How to do this? Interview with small business owners in your area and ask them about their major pains that can be solved with a web application of some sort. Before you even build it, get at least 30 people who will be interested in actually trying it and willing to pay for it if it solves their problem. This how you want to do this, do not build the application first.
If what you are looking is exposure to a lot of people because you think you have built something great, then sign-up for a startup incubator in your city, these places will help you get your company formed and expose you to potential clients and partners.
It's hard to say without knowing more about your situation, but if you have very few customers, then I'd suggest finding 3-10 people who may find the app useful, asking them to use it and making all the improvements they suggest. Not only will your product work for others in their situation, you'll have also gained some strong advocates.
As others have mentioned, blogging, Twitter, etc, are useful if you have a loyal user base which you want to grow.
Here are some basics for getting traffic:
The primary tool you should reach for is a marketing-focused co-founder. Your genius is for getting from idea to functioning web app, so find someone whose genius is getting the word out, bringing in new users and engaging them, all that jazz.
Alternatively, find someone like that and ask them to give you thirty minutes worth of advice. (I do this for startups in Cambridge, UK - anyone who's willing to buy me a cappuccino and is willing to go for a time and venue that suits me gets half an hour of my undivided attention!) You don't have to take the advice, but it will get you thinking about the kind of activities you need to get done, by yourself, by hiring service providers or through informal and formal partnerships.
First the bad: the definition of a good product is a product that people are buying.
Now, maybe you should think of building an affiliate program if all your efforts have been pure loss. Moreover, if you cannot find affiliates, it means that your products are not good, because the good thing with salespeople is that they refuse to sell something which is not worth the effort.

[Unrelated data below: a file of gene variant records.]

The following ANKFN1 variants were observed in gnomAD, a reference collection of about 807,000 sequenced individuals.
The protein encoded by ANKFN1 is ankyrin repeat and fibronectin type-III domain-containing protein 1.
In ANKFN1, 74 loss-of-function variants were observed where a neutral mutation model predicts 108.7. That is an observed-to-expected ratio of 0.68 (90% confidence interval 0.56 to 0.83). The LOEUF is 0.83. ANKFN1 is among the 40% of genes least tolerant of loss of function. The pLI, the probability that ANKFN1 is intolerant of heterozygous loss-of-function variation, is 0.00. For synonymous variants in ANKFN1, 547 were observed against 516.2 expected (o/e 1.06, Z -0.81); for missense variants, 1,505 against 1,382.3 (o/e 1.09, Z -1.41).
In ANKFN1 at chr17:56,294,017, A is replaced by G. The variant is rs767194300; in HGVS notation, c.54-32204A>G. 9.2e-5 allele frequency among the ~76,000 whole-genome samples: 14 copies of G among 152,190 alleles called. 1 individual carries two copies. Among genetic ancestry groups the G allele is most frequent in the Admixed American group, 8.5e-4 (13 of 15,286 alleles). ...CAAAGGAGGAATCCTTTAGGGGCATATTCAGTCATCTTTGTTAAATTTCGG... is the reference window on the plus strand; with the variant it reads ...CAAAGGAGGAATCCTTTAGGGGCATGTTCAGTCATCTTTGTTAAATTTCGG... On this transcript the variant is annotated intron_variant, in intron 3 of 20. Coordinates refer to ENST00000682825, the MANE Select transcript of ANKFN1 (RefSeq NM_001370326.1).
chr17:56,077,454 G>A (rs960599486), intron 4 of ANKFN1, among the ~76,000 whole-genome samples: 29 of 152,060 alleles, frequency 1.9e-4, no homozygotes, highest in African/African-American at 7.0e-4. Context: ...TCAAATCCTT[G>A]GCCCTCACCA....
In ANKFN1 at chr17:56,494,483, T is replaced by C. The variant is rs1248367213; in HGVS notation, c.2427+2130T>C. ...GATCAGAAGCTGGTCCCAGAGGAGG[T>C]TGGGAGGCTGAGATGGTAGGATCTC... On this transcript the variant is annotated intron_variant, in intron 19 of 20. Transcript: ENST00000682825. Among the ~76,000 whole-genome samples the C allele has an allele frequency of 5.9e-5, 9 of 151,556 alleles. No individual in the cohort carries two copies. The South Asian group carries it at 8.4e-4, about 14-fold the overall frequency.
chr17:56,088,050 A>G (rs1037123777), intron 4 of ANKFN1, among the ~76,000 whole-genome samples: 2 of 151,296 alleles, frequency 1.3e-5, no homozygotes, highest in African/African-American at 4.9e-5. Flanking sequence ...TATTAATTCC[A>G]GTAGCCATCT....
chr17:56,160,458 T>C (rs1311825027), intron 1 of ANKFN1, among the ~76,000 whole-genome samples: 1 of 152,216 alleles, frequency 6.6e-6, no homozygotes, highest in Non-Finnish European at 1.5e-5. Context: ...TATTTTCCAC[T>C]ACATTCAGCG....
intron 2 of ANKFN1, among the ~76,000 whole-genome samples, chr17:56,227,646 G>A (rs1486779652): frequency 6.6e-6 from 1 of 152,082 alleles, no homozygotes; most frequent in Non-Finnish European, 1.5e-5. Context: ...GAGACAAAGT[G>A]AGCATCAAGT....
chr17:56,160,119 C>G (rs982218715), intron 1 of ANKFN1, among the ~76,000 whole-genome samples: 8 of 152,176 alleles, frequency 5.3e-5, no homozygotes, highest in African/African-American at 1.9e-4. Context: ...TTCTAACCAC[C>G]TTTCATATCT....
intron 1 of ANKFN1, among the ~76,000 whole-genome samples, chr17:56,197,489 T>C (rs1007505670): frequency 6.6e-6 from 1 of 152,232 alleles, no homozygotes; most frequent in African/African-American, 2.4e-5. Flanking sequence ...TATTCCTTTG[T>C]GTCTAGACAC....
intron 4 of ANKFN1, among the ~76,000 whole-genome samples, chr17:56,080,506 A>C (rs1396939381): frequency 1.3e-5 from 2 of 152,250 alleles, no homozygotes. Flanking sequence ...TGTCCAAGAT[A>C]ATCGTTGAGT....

I have a plain notebook full of good ideas that I buried after asking to my friends in sales if they were willing to sell it for me for a commission.
Not to reiterate what everyone else said, but just because you think your product is awesome doesn't mean your end users do.
I don't know if it's relevant to your location, but at Tel Aviv University, they advertise startup events where you can display your product and get feedback from students (who usually are more into tech and likely to be early adopters). Could be a good place to get feedback.
I'm also a big believer in video, create videos that demo why your product is awesome and put it on your site and YT. Even if it takes you all day to create one decent cut, it will be worth it.
The products may be good. But you need to position them in front of the right audience and at the right time. How did you come to the conclusion that products are good? Did you do market validation? If yes and you determined its good then you need to change your marketing tactics.
Marketing tips which I personally used and found helpful. Check here==>